But Cheney unloads on Johnson in the excerpts for his role in an amicus curiae brief in a case filed by the Texas attorney general after the 2020 election. It urged the Supreme Court to set aside the Electoral College votes of several states that Biden won. The argument was that these states' voting procedures had been imposed by state courts rather than by state legislatures and were therefore invalid. Johnson recruited many GOP members to sign on in the month after the election (but before the January 6 events). According to the excerpts, Cheney asked Johnson about this and was told: "We just need to do this one last thing for Trump."

Despite objections from Cheney and others, most Republican members of the House did sign that brief, including McCarthy. But the Supreme Court still declined to hear the case.

While Johnson was aggressively gathering signatures from his colleagues, according to the excerpts, Cheney overheard one of them say in exasperation: "The things we do for 'Orange Jesus.' " In the excerpts, Cheney names the congressman, who has since denied using those terms for the former president.

In fact, the appearance of the Cheney excerpts this week on CNN and elsewhere in the news media space has prompted a flurry of denials from various spokespersons.

"The book belongs in the fiction section of the bookstore," said Steve Cheung, spokesman for Trump.

A departure from a lifetime trajectory

Until the events of late 2020 and early 2021, Cheney was the third ranking Republican in the House behind GOP Leader McCarthy and party whip Steve Scalise of Louisiana (who is now majority leader under Speaker Johnson).

Cheney was at the time a strong prospect to be the first Republican woman elected speaker. That was surely an ambition with special meaning for her parents, who met as graduate students and had coauthored a book about speakers in history. Cheney's father, Richard, was himself a potential Speaker when he was a congressman from Wyoming and also the minority whip, the House GOP's second-ranking leader, in the late 1980s. Instead, he left Congress to be secretary of Defense under President George H.W. Bush and was elected vice president under President George W. Bush in 2000. His wife Lynne, Liz Cheney's mother, was director of the National Endowment for the Humanities under President Ronald Reagan.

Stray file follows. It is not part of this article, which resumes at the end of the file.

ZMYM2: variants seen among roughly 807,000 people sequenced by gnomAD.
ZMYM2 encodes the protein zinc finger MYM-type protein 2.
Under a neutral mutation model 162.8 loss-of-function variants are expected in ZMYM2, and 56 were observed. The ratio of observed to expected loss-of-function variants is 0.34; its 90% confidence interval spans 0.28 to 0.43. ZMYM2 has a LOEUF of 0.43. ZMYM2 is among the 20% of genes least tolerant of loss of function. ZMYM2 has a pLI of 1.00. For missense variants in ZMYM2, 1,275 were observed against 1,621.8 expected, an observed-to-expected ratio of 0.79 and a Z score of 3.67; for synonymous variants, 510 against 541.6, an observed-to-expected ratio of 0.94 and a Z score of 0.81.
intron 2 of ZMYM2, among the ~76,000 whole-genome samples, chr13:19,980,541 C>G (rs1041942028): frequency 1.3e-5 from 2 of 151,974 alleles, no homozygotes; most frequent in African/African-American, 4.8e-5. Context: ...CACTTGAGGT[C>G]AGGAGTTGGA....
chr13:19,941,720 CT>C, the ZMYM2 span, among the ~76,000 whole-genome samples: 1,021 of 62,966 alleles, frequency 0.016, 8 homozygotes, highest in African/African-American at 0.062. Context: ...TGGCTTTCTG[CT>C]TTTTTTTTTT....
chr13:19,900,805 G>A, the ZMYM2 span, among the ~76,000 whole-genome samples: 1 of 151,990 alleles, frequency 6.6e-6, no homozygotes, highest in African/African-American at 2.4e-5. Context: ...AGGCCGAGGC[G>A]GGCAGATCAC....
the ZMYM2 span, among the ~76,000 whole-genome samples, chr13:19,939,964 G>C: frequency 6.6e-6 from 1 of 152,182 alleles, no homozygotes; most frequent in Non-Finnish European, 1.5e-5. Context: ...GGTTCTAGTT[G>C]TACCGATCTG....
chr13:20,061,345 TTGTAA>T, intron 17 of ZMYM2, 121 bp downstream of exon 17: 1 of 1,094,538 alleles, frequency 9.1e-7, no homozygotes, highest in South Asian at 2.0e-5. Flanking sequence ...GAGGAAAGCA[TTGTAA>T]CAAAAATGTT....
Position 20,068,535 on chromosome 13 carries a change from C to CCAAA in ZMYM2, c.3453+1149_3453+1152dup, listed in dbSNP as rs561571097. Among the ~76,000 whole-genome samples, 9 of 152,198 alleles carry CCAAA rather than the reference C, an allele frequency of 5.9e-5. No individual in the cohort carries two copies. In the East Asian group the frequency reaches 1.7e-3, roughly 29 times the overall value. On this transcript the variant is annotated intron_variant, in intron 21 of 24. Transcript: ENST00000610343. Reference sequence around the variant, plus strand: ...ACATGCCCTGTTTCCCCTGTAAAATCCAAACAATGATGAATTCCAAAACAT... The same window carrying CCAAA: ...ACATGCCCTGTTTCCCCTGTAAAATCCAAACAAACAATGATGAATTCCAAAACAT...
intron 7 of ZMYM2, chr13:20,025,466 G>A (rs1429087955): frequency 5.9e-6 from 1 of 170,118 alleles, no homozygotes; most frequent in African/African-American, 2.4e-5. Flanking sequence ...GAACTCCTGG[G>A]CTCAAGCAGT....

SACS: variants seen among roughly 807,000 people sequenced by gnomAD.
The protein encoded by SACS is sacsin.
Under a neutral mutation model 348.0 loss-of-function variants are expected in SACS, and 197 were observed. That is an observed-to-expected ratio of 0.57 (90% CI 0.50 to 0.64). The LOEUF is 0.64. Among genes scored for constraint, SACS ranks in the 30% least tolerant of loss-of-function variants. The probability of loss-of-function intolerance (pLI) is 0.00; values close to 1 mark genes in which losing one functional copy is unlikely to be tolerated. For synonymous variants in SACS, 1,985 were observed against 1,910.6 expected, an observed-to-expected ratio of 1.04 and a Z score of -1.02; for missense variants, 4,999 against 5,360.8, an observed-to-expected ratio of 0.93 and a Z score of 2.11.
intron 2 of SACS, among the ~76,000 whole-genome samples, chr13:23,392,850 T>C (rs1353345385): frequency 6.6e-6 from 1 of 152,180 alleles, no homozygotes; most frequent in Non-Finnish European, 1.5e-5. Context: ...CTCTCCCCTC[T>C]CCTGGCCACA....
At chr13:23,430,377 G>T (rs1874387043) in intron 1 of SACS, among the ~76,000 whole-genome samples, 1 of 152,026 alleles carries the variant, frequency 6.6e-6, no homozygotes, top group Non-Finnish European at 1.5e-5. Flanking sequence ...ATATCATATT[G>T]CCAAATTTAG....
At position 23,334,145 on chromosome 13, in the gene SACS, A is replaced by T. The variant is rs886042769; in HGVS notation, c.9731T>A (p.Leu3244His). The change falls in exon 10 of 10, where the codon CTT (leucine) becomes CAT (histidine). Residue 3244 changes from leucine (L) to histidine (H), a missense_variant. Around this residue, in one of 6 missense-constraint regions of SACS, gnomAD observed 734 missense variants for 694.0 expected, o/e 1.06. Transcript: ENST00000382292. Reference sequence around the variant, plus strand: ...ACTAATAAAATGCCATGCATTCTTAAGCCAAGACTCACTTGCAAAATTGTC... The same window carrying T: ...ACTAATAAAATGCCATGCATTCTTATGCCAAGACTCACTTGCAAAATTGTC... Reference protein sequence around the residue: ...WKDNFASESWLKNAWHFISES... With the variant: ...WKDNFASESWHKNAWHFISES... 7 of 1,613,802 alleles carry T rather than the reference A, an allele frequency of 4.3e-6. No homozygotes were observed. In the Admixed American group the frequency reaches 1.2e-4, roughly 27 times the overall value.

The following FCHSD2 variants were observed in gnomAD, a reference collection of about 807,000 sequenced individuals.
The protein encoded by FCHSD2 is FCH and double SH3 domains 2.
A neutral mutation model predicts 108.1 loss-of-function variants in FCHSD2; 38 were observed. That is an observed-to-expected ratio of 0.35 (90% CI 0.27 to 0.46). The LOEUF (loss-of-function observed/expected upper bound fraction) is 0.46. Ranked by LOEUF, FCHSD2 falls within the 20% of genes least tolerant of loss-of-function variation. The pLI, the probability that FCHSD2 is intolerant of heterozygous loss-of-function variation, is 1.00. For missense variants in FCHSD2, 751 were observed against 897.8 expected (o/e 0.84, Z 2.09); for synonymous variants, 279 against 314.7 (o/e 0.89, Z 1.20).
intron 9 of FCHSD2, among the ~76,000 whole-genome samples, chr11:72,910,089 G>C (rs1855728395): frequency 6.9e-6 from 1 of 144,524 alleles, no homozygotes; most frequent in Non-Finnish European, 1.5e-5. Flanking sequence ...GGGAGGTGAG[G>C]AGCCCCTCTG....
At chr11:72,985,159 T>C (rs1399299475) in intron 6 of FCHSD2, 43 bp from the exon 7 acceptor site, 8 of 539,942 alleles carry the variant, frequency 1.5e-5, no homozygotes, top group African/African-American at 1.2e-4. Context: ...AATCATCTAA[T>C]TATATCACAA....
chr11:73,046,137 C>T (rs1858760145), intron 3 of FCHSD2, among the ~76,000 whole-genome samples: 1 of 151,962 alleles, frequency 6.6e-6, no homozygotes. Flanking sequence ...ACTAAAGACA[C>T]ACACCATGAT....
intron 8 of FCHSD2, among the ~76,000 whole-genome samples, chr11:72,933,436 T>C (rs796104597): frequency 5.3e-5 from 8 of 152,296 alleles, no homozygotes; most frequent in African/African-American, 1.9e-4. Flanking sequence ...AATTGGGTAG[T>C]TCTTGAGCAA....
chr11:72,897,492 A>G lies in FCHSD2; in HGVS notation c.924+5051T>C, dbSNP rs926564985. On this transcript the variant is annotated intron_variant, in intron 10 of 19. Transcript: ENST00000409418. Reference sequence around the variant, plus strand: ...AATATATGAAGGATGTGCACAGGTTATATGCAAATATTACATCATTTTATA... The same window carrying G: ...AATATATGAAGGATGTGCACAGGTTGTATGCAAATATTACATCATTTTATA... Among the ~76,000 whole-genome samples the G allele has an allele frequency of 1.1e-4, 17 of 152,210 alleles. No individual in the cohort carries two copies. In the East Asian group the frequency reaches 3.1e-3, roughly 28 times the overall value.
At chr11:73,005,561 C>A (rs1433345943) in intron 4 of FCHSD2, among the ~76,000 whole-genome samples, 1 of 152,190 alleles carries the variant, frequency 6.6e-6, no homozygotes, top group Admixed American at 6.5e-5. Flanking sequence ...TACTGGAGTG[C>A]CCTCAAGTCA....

Although lifelong Republicans, both Cheney's parents have backed her resistance to Trump. That includes the year she spent as the high-profile vice chair of the House Select Committee to Investigate the January 6 Attack on the Capitol, a panel whose last act was to recommend that the DOJ bring criminal charges against Trump. While her performance in that role won her many new admirers, mostly outside the GOP, it cost her the support of her base in Wyoming. She lost her 2022 primary to Harriet Hageman by a 2-to-1 vote. Wyoming had given Trump a winning margin of more than 40 points in 2016 and has remained loyal since.

Cheney was urged by Democrats and "never Trumpers" in the GOP to run against Trump in the 2024 Republican primaries. But she has left that task to others, spending her time promoting the work, findings and legacy of the January 6 committee and warning against the perils of another Trump administration – or even candidacy.

The book comes at an inopportune time for Republicans

There is no good time for a book as critical of one's own party as Oath and Honor, at least not from the perspective of a career in that party. But it is particularly uncomfortable for the GOP to take these punches right now.

After two rounds of bruising battles over the speakership, the House majority has yet to pass most of its spending bills. Even a perennially popular piece of legislation such as the annual reauthorizing of the Department of Defense stalled in Congress for the first time in six decades.

Yet valuable floor time continues to be expended on relatively minor matters. And the media coverage continues to focus on such dysfunction as the ethics case against Republican freshman George Santos of New York. The House spent Friday morning on a motion to expel Santos, based on a thoroughly damning report from the Republican-run ethics committee. Santos, only the third House member expelled since the Civil War, is facing a 23-count federal indictment for fraud and other crimes. He had mounted a lively defense in the media, attacking the integrity, work ethic and sobriety of his fellow House members. Expulsion required a two-thirds majority vote but cleared that hurdle with ease, 311-114.

About half the chamber's Republicans voted against expulsion, some arguing it was bad precedent to expel members facing criminal charges before they had been tried and convicted. With Santos gone, the GOP majority is down to three seats to spare. Ten House Republicans have already announced they would not seek reelection in 2024, and there has been speculation that McCarthy might retire even before his current term ends.

So stay tuned. There can always be yet another surprise.

Copyright 2023 NPR. To see more, visit https://www.npr.org.

Ron Elving is Senior Editor and Correspondent on the Washington Desk for NPR News, where he is frequently heard as a news analyst and writes regularly for NPR.org.
More News
Support nonprofit, public service journalism you trust. Give now.